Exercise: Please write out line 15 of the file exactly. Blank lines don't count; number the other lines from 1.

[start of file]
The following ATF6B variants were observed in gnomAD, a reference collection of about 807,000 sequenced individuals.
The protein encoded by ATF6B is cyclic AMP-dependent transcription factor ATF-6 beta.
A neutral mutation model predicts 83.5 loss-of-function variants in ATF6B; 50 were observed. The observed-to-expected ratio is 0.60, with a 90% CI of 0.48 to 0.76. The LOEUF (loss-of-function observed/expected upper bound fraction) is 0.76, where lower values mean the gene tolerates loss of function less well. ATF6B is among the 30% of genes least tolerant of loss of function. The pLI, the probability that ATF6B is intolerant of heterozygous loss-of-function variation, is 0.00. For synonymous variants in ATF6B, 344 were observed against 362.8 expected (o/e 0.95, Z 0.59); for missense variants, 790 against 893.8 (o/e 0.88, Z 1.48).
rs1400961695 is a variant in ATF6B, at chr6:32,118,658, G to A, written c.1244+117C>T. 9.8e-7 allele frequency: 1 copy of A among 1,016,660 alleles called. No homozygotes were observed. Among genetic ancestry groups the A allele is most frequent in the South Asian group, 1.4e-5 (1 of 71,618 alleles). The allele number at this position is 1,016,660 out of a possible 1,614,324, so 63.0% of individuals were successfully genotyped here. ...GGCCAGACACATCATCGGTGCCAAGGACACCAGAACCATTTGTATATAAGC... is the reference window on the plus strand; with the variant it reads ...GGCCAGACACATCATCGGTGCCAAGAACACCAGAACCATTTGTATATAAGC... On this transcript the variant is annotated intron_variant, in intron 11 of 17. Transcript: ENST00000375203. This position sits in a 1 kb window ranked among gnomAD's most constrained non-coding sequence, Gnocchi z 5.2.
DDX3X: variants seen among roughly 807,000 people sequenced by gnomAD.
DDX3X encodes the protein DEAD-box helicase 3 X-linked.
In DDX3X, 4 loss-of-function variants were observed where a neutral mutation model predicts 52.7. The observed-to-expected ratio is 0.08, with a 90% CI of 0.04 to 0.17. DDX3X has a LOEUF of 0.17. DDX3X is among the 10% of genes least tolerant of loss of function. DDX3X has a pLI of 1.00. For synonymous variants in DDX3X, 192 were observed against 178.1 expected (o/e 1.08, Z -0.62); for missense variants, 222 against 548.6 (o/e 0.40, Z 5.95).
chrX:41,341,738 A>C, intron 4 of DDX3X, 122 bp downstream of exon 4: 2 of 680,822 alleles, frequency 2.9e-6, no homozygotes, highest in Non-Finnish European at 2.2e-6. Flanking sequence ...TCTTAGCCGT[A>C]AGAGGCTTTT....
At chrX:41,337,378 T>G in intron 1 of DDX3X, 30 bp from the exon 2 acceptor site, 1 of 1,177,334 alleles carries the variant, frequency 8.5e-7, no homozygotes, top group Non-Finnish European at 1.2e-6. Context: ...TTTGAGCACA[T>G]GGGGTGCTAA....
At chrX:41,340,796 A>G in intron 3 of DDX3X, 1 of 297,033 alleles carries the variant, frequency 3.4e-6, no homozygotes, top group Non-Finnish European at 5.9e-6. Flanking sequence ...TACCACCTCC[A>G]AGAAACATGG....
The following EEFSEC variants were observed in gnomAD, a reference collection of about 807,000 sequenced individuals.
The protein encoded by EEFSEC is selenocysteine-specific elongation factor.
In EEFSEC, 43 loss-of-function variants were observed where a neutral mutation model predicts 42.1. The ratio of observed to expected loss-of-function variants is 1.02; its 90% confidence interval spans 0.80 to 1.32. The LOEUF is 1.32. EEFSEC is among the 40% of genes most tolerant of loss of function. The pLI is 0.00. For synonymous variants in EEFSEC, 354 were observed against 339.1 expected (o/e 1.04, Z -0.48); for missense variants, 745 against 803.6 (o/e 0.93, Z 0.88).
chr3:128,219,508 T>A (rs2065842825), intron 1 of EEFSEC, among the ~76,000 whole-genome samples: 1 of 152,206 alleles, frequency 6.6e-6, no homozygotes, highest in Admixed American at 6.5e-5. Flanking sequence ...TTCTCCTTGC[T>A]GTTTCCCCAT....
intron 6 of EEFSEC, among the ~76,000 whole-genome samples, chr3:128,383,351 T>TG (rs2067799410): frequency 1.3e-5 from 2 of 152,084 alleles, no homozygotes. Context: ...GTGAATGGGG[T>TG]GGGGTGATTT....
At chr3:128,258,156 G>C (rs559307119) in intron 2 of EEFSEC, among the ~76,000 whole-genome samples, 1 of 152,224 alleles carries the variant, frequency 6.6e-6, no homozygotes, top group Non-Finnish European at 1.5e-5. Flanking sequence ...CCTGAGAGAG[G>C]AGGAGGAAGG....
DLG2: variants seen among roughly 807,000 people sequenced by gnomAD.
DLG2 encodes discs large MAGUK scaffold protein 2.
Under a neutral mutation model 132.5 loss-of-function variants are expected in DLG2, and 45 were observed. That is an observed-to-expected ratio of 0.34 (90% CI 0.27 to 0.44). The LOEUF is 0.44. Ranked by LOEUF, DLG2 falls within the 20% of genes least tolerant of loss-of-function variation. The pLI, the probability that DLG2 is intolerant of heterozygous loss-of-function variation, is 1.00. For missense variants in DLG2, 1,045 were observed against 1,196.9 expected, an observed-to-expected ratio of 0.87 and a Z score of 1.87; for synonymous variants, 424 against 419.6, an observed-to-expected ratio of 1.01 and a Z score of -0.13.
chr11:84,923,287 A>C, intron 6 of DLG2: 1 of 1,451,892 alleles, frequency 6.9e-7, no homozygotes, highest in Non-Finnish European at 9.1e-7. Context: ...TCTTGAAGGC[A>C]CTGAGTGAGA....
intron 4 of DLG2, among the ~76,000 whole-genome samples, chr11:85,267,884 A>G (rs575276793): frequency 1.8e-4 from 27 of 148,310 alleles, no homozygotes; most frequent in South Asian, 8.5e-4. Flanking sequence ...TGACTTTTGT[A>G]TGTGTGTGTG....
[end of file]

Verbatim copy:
intron 6 of EEFSEC, among the ~76,000 whole-genome samples, chr3:128,383,351 T>TG (rs2067799410): frequency 1.3e-5 from 2 of 152,084 alleles, no homozygotes. Context: ...GTGAATGGGG[T>TG]GGGGTGATTT....